Not many students of mine can afford an iPad. Matter of fact, I know only one. Her name is B and she just left my class after showing me how she is using it.
Her final words before she left… “I don’t really need notebook paper or pen ever again.”
B, mind you, is a top student. To wit, she built her own flash cards for her AP History class using a free flash card app she downloaded.
Her cards were so stupendous, I think she should think about selling the set online. (She’d made more than 240 of them based on her handwritten class notes – class notes that are, in her estimation, “oh so yesterday” because of how she can manage, arrange, organize, share evolve and connect the content all in one simple device.)
And watching her flip through these cards – they flip the same way the iPad turns pictures (i.e. the note cards have a front and a back and can be organized into sets, colors and so on) it was just mind-blowing to see what the modern-day AP student is already doing with an iPad.
She did her end-of-year report for science class (typed, with graphics, charts and pictures that, of course, the teacher required to be printed meaning that there would be no color and her aspiration to create hyperlinked references was pointless), she had her school organizer, she had things I didn’t even know existed on her tablet-top and she was using them like a kid who had been handling this type of computer technology her whole life.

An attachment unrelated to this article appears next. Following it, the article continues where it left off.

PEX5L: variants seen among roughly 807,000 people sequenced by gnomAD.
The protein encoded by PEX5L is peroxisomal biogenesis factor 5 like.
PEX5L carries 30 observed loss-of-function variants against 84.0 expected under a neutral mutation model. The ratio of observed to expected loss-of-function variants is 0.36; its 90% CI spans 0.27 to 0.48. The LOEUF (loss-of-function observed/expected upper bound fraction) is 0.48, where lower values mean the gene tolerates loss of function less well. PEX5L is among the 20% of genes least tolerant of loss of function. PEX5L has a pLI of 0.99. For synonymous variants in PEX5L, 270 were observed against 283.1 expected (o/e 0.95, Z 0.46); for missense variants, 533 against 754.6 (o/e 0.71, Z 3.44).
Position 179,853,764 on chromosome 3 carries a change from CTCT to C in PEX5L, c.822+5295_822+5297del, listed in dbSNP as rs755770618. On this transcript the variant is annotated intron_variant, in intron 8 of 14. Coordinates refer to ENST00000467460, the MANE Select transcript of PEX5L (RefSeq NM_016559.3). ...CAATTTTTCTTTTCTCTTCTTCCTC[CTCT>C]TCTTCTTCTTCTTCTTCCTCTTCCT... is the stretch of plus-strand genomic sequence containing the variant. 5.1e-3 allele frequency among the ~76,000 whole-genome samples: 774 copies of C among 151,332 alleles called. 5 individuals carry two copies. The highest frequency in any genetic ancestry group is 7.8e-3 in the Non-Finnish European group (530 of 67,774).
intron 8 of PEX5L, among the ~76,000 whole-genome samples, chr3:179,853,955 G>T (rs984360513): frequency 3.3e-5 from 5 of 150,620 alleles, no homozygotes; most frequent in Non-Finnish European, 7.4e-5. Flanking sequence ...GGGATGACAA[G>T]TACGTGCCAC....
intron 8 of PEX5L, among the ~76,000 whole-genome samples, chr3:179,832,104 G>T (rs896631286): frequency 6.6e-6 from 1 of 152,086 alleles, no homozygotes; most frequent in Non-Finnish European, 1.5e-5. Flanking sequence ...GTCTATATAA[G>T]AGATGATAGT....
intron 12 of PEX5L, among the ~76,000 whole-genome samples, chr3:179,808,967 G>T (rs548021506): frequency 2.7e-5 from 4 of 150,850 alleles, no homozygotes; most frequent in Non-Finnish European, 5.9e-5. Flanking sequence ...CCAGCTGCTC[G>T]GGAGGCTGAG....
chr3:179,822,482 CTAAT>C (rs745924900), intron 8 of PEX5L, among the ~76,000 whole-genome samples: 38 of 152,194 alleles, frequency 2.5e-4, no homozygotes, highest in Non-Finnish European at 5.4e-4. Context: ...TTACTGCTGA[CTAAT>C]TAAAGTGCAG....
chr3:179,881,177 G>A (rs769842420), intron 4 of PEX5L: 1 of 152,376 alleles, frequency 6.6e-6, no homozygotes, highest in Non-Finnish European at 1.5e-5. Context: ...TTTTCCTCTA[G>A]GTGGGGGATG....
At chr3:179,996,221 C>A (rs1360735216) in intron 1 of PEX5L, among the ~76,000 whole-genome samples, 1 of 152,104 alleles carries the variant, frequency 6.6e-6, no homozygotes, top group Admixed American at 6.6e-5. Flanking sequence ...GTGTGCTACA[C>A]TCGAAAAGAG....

Assignments, schedules, phone numbers, bookmarked websites, on and on and on and on.
I was just amazed how all-encompassing the iPad was for B already. I mean, she’s only owned the thing for 3 weeks and yet she trusts her entire academic life to the thing.
And mind you, as I said, this is not a run-of-the-mill student. B is an A student. To her, the iPad could be a toy – and it is at times. She readily admits she likes to play some of the games. (NOTE: She kicked my butt in Finger Air Hockey but I wouldda smoked her in checkers if we had time to finish the game.)
The device is not a fad and it’s not a fraud. Matter of fact, I am not sure why we are not already hearing more cries from those of us in academia to “get our students iPads”.
Simply put, they can do more than even I was ready to give them credit for.
B was a more efficient and more capable student with the iPad than she was without it. And she proved that to me.
School, and it’s inability to keep up with B, was the impediment to extended meaningful thinking and not vice versa.
For those of you who are still skeptical, I say find your way to touching an iPad this summer and contemplate the possibilities because it is people like us who are going to bring about the change we need in our schools.
From vanquishing the inane bubble tests to ridding ourselves of sanitized, one-size-fits-all textbooks to liberating our classrooms so that we can genuinely connect kids to one another, connect kids to best practices, and connect kids in a more meaningful way to their own education (and on and on and on) the iPad is genuinely an amazing device.
Skeptical? I was too. But the more I see, the more I believe this is a great classroom tool that, if wielded properly, will work wonders for kids across the nation.
Yes, I am Back on the iPad Bandwagon… and my feeling is that You Should Be, Too!